Asked to provide a response to Hatch’s concerns about the riverfront land sale, City Manager Barry Tippin told Shasta Scout, “Commissioner Hatch is entitled to his thoughts and opinions, I respect them and I have no other comment.”

What’s a “General Plan” and Why Does it Matter?

Like all cities across California, Redding has an overarching city planning document known as the General Plan, which City Manager Barry Tippin says can be thought of as a high level blueprint for community development. City documents call the General Plan a “constitution” for Redding’s land use because it determines where new development will be allowed to happen and where natural space will be conserved. 

Urban Focus Area from 2020 General Plan

Much of the plan is a series of “growth goals” that set large-scale vision and policy for how the city will develop, along with specifications for policies that will ensure those goals are reached. It also includes a series of focus areas within the city, and guidelines for how each of those areas will be developed.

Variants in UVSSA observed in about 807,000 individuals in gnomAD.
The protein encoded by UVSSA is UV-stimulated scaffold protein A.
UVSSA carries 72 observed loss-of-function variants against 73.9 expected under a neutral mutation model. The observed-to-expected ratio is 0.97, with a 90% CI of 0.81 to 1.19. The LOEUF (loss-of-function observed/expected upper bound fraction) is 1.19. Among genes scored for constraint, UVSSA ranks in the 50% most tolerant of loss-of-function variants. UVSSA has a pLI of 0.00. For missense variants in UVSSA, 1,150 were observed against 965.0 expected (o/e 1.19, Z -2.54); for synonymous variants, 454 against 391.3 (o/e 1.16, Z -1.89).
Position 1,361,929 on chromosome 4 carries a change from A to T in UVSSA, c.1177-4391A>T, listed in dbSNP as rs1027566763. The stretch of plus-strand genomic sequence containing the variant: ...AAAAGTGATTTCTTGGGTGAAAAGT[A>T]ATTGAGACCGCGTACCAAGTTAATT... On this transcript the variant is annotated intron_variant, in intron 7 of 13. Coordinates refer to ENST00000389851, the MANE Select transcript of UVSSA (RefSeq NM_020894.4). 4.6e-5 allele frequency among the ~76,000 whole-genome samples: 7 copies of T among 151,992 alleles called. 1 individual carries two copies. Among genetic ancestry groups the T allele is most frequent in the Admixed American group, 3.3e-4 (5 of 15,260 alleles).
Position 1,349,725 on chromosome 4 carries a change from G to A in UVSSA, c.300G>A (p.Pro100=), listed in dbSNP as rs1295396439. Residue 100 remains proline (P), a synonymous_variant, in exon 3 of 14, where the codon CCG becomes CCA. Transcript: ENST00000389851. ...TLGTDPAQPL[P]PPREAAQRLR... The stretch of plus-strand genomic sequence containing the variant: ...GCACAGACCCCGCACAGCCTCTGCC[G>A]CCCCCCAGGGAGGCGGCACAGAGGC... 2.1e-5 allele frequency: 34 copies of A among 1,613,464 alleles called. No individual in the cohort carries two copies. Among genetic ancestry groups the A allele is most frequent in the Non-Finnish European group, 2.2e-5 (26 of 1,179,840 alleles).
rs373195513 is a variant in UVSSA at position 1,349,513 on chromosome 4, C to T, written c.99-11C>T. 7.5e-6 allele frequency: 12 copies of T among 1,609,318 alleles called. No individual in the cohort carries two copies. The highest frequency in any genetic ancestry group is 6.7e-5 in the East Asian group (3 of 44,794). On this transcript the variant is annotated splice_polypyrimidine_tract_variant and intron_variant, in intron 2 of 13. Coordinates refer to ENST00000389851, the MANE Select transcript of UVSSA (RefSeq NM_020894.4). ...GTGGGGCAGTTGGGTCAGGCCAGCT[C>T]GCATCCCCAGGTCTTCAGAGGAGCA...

Both zoning ordinances and the General Plan set policies for how city land may be developed, but they differ in their scope. The General Plan is long-term and identifies the general types of development that can occur, as well as the general pattern of future development. Zoning is more specific, regulating lot sizes, building setbacks and allowable uses. Development must meet both General Plan policies and the zoning ordinance requirements to be legally allowed.

Redding’s General Plan was last updated in 2000 and was designed to guide Redding’s planning for 20 years. California recommends that cities update their General Plans about every fifteen years, but there is no mandatory timeline for completion of the update.

Who’s in Charge of Updating Redding’s General Plan?